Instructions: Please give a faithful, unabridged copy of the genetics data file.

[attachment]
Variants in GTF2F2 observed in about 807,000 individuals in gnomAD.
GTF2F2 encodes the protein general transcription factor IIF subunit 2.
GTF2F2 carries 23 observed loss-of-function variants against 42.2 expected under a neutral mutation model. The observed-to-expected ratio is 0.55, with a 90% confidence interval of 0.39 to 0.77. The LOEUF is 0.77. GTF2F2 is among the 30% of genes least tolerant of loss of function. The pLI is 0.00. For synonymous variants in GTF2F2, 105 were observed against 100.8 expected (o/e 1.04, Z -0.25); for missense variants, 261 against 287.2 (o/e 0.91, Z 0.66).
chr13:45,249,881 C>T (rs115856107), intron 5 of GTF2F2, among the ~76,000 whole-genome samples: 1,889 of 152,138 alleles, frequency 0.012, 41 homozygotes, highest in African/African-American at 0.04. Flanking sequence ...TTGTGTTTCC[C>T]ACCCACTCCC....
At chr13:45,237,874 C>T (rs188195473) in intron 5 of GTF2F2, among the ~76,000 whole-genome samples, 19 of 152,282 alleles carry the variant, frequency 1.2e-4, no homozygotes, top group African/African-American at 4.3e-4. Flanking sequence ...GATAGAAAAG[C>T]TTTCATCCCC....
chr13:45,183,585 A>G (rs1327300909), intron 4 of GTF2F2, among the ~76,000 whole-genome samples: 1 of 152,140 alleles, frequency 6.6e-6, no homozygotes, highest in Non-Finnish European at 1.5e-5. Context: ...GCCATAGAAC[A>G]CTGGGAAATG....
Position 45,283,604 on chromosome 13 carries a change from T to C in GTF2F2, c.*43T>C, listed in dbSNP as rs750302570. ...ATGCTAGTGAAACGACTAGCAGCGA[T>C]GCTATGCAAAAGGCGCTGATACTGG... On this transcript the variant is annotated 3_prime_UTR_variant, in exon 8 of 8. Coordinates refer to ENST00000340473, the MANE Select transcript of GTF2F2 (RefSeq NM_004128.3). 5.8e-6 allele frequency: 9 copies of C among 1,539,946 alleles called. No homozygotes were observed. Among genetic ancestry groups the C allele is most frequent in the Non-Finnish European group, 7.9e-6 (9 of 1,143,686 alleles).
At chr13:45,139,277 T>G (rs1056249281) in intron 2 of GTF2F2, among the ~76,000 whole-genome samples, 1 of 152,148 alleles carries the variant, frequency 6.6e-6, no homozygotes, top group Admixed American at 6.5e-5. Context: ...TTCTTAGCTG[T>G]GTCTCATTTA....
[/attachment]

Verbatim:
Variants in GTF2F2 observed in about 807,000 individuals in gnomAD.
GTF2F2 encodes the protein general transcription factor IIF subunit 2.
GTF2F2 carries 23 observed loss-of-function variants against 42.2 expected under a neutral mutation model. The observed-to-expected ratio is 0.55, with a 90% confidence interval of 0.39 to 0.77. The LOEUF is 0.77. GTF2F2 is among the 30% of genes least tolerant of loss of function. The pLI is 0.00. For synonymous variants in GTF2F2, 105 were observed against 100.8 expected (o/e 1.04, Z -0.25); for missense variants, 261 against 287.2 (o/e 0.91, Z 0.66).
chr13:45,249,881 C>T (rs115856107), intron 5 of GTF2F2, among the ~76,000 whole-genome samples: 1,889 of 152,138 alleles, frequency 0.012, 41 homozygotes, highest in African/African-American at 0.04. Flanking sequence ...TTGTGTTTCC[C>T]ACCCACTCCC....
At chr13:45,237,874 C>T (rs188195473) in intron 5 of GTF2F2, among the ~76,000 whole-genome samples, 19 of 152,282 alleles carry the variant, frequency 1.2e-4, no homozygotes, top group African/African-American at 4.3e-4. Flanking sequence ...GATAGAAAAG[C>T]TTTCATCCCC....
chr13:45,183,585 A>G (rs1327300909), intron 4 of GTF2F2, among the ~76,000 whole-genome samples: 1 of 152,140 alleles, frequency 6.6e-6, no homozygotes, highest in Non-Finnish European at 1.5e-5. Context: ...GCCATAGAAC[A>G]CTGGGAAATG....
Position 45,283,604 on chromosome 13 carries a change from T to C in GTF2F2, c.*43T>C, listed in dbSNP as rs750302570. ...ATGCTAGTGAAACGACTAGCAGCGA[T>C]GCTATGCAAAAGGCGCTGATACTGG... On this transcript the variant is annotated 3_prime_UTR_variant, in exon 8 of 8. Coordinates refer to ENST00000340473, the MANE Select transcript of GTF2F2 (RefSeq NM_004128.3). 5.8e-6 allele frequency: 9 copies of C among 1,539,946 alleles called. No homozygotes were observed. Among genetic ancestry groups the C allele is most frequent in the Non-Finnish European group, 7.9e-6 (9 of 1,143,686 alleles).
At chr13:45,139,277 T>G (rs1056249281) in intron 2 of GTF2F2, among the ~76,000 whole-genome samples, 1 of 152,148 alleles carries the variant, frequency 6.6e-6, no homozygotes, top group Admixed American at 6.5e-5. Context: ...TTCTTAGCTG[T>G]GTCTCATTTA....